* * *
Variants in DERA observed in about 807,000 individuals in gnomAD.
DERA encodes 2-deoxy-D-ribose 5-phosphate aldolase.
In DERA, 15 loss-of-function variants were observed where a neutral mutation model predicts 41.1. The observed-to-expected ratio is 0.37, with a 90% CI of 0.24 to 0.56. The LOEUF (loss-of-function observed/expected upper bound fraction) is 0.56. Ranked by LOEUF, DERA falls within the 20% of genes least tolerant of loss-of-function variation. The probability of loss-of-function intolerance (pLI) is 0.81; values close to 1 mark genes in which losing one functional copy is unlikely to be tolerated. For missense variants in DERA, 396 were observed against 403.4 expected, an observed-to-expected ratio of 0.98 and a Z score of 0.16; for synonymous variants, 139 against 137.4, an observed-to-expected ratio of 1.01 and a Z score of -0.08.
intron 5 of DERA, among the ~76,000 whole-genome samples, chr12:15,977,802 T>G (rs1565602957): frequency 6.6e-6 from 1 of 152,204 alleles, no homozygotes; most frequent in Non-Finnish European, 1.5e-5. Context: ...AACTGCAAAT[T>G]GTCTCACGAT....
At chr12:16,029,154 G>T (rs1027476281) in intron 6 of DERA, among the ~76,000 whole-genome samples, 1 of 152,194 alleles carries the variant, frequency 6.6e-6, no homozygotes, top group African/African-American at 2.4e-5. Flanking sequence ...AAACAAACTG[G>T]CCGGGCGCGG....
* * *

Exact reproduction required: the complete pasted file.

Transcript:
Variants in DERA observed in about 807,000 individuals in gnomAD.
DERA encodes 2-deoxy-D-ribose 5-phosphate aldolase.
In DERA, 15 loss-of-function variants were observed where a neutral mutation model predicts 41.1. The observed-to-expected ratio is 0.37, with a 90% CI of 0.24 to 0.56. The LOEUF (loss-of-function observed/expected upper bound fraction) is 0.56. Ranked by LOEUF, DERA falls within the 20% of genes least tolerant of loss-of-function variation. The probability of loss-of-function intolerance (pLI) is 0.81; values close to 1 mark genes in which losing one functional copy is unlikely to be tolerated. For missense variants in DERA, 396 were observed against 403.4 expected, an observed-to-expected ratio of 0.98 and a Z score of 0.16; for synonymous variants, 139 against 137.4, an observed-to-expected ratio of 1.01 and a Z score of -0.08.
intron 5 of DERA, among the ~76,000 whole-genome samples, chr12:15,977,802 T>G (rs1565602957): frequency 6.6e-6 from 1 of 152,204 alleles, no homozygotes; most frequent in Non-Finnish European, 1.5e-5. Context: ...AACTGCAAAT[T>G]GTCTCACGAT....
At chr12:16,029,154 G>T (rs1027476281) in intron 6 of DERA, among the ~76,000 whole-genome samples, 1 of 152,194 alleles carries the variant, frequency 6.6e-6, no homozygotes, top group African/African-American at 2.4e-5. Flanking sequence ...AAACAAACTG[G>T]CCGGGCGCGG....